Thursday, June 30, 2011

What if we really did cut out the tax "loopholes"?

Republicans in the default or no-default negotiations are now making noises that they're willing to contemplate getting rid of "loopholes" in the tax code to achieve what they will accept as deficit reduction. Of course, my loophole is your sacred cow and there ain't no such thing as deficit reduction. But let's dream ... and consider a modest proposal.

I'll call it the Simple Tax Act, because that's what it is: a tax code that is nothing more than a schedule of tax rates and a few simple definitions. Ten pages, max.

No mortgage deductions, no housing tax credit, but no oil depletion allowance and no fancy depreciation. Just levy X taxes on Y income (or Z profit).

Keep progressivity: lower brackets should pay smaller proportions than higher brackets. Keep the grand givaway of taxing corporate profits rather than income (define allowable "expenses" only as cash and carry items, no fancy deeming of anything that is not an actual exchange of goods, services and money ... bye-bye, Ken Lay). Even keep low (but not zero) inheritance and capital gains taxes.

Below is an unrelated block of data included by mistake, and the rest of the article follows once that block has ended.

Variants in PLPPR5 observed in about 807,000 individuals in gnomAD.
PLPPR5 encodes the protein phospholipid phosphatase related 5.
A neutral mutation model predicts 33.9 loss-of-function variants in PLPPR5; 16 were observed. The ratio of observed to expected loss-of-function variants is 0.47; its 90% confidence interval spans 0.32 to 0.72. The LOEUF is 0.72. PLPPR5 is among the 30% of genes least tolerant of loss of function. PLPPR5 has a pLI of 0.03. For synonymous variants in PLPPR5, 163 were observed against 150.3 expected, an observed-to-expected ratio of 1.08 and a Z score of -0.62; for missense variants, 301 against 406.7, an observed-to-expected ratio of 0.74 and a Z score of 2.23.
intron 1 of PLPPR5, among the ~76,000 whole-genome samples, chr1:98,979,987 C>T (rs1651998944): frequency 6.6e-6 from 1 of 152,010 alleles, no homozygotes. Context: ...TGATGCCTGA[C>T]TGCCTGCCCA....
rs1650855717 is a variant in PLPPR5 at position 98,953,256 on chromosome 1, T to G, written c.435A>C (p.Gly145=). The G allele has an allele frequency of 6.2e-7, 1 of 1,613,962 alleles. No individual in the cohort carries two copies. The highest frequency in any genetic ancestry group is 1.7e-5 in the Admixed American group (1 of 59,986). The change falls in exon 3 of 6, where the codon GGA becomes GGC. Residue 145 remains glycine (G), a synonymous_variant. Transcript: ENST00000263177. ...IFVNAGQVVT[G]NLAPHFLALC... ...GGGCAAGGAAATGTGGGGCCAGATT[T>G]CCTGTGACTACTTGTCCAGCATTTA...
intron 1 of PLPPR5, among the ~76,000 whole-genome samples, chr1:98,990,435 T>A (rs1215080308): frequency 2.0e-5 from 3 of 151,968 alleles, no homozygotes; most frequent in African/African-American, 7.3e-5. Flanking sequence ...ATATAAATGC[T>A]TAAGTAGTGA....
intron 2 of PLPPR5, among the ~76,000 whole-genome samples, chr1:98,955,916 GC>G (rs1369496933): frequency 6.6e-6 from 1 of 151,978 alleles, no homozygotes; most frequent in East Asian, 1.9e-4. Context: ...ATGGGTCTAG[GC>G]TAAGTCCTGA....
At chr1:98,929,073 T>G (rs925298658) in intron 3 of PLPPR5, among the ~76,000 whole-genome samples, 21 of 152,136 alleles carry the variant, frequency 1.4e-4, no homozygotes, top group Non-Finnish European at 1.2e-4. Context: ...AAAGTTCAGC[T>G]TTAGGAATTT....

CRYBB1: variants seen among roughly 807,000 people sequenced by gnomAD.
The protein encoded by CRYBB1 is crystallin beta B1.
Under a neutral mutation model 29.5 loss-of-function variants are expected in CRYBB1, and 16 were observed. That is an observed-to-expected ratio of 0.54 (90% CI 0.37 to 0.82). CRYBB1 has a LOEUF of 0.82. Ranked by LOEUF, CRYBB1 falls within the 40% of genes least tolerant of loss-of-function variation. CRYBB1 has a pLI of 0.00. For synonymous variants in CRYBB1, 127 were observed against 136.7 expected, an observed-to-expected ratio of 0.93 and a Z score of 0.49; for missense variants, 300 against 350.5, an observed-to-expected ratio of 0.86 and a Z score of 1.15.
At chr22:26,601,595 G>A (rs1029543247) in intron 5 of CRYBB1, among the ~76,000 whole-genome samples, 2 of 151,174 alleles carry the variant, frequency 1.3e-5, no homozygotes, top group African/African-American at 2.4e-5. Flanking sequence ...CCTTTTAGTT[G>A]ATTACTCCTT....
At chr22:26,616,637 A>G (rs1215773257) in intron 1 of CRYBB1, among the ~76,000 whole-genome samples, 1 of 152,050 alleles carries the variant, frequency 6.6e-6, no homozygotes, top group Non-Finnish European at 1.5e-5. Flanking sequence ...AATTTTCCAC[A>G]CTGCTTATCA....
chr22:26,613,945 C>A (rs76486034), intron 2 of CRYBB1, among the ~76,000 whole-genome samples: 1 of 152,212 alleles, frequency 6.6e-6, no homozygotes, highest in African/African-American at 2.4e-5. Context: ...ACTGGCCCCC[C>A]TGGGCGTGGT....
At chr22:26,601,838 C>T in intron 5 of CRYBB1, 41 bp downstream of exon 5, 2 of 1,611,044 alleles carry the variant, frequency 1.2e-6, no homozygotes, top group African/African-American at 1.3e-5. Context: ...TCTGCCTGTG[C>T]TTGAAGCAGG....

Because that's the little secret: if everyone pays a fair share, each one of us can get to pay little less to balance the budget and get our goodies, like the occasional chest-thumping war or three, Medicaid and Medicare, federal student loans, etc.

What's more: eliminate all the deductions, credits and allowances and you don't have to file a tax declaration at the end of the year. What gets deducted is what you owe! Period. Bye-bye April 15 deadline. Let's have a tax parade and cookout, instead ... I'll bring the hot dogs.
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